Each stage of your life necessitates different types and frequency of ocular examinations and care. To ensure your eyes stay healthy and you retain the best vision possible, take a few minutes and review the information below. Your eyes will reward you with a lifetime of excellent sight if you provide them the care they need.
The American Academy of Ophthalmology and the doctors at the Marietta Eye Clinic recommend that if you are age 55-64 you have a comprehensive eye examination at least every 1 to 3 years. This frequency guidance is for you if you do not have any symptoms of eye disease present and if you are seeing clearly. Comprehensive eye examinations are much more than checking your vision for a need to use glasses and contacts (refraction). Optometrists and ophthalmologists conduct comprehensive eye examinations to check for damage from health conditions such as diabetes and to check specifically for eye diseases that can lead to blindness, such as glaucoma and cataracts.
Eye exams help you and your doctor detect eye problems and diseases at their earliest stage, when they are at their most treatable state or level. Your health situation is unique to you, and the same goes for your eye health. Your vision and ocular health at any given time are a unique combination of factors. Regular comprehensive exams help you work with your eye doctor to meet your individual ocular health needs and help your doctor know how to guide you in maintaining great eye health and clear, sharp vision.
Some eye disease symptoms may not present until the disease is advanced, which presents challenges in slowing progression or facing permanent visual damage. The guidelines above apply to individuals 55-64 who present no symptoms or disease risk factors – especially with serious disease diagnosis such as diabetes and any family history of major disease or eye disease, specifically.
Here are some major reasons to increase the frequency of eye exams from every 1-3 years during the 55-64 age years of your life:
Routine eye exams have been proven to help combat major eye health issues and prevent blindness. Keep in mind the guidance above and reach out to your local optometrist or ophthalmologist more frequently if you are at a higher risk of developing disease, if you have personal history of visual issues or disease, if your family has a history of eye disease, or if you are a race with specific risks of increased disease. There are times a disease may be progressing even if you don’t notice any particular symptoms.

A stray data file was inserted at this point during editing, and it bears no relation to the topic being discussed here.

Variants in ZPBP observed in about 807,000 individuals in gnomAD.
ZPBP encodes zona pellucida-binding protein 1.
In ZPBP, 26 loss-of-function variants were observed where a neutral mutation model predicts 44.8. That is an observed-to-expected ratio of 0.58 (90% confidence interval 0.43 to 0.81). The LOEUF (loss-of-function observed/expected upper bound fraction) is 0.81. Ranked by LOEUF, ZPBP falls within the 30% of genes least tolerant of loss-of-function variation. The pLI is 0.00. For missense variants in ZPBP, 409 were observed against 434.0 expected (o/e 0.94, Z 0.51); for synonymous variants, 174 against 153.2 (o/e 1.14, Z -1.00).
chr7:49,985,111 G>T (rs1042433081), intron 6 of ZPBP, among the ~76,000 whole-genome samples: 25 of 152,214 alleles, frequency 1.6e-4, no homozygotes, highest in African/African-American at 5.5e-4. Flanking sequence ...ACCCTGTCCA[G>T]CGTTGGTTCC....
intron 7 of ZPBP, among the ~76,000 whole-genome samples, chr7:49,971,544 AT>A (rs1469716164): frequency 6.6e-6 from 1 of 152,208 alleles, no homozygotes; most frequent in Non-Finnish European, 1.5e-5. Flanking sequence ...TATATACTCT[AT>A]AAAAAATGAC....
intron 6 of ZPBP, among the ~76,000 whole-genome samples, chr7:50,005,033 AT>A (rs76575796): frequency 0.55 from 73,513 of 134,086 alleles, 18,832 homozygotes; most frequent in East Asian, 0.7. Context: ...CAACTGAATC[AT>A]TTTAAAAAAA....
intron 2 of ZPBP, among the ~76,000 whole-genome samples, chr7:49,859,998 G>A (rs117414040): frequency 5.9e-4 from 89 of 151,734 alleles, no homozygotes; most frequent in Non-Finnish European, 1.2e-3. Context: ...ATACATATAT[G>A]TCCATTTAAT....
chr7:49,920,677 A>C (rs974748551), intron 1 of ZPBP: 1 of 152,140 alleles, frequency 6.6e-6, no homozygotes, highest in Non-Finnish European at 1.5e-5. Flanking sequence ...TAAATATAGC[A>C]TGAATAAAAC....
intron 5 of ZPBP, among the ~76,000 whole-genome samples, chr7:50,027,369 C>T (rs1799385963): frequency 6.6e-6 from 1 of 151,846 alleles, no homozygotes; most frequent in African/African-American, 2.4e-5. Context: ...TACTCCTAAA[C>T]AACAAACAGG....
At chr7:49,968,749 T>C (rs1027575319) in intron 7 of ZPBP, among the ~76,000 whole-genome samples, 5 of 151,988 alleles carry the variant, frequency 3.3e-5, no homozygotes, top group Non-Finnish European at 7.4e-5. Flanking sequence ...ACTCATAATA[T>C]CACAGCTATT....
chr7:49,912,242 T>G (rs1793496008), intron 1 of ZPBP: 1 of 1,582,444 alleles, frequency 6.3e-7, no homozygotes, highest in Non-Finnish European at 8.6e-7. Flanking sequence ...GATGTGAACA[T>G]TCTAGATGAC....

Dr. Stanley is an ophthalmologist with the Marietta Eye Clinic who offers comprehensive care and specializes in cataracts and glaucoma. He serves the Kennestone, West Cobb, and Acworth locations. He received his undergraduate degree in biology from Harding University and his medical degree from the University of Arkansas College of Medicine. He is a member of the American Society of Cataract and Refractive Surgeons, the American Glaucoma Society, and the American Academy of Ophthalmology. Read his full bio here.
The American Academy of Ophthalmology (AAO) is the world’s largest association of eye physicians and surgeons. It describes itself as a “global community of 32,000 medical doctors who protect sight and empower lives by setting the standards for ophthalmic education and advocating for our patients and the public.” Its website is a great resource to learn more about how to care for your eyes.
The American Optometric Association (AOA) describes itself as the leading authority on quality care and an advocate for our nation’s health, representing more than 44,000 doctors of optometry, optometric professionals, and optometry students.
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Frequency of Ocular Examinations – 2015
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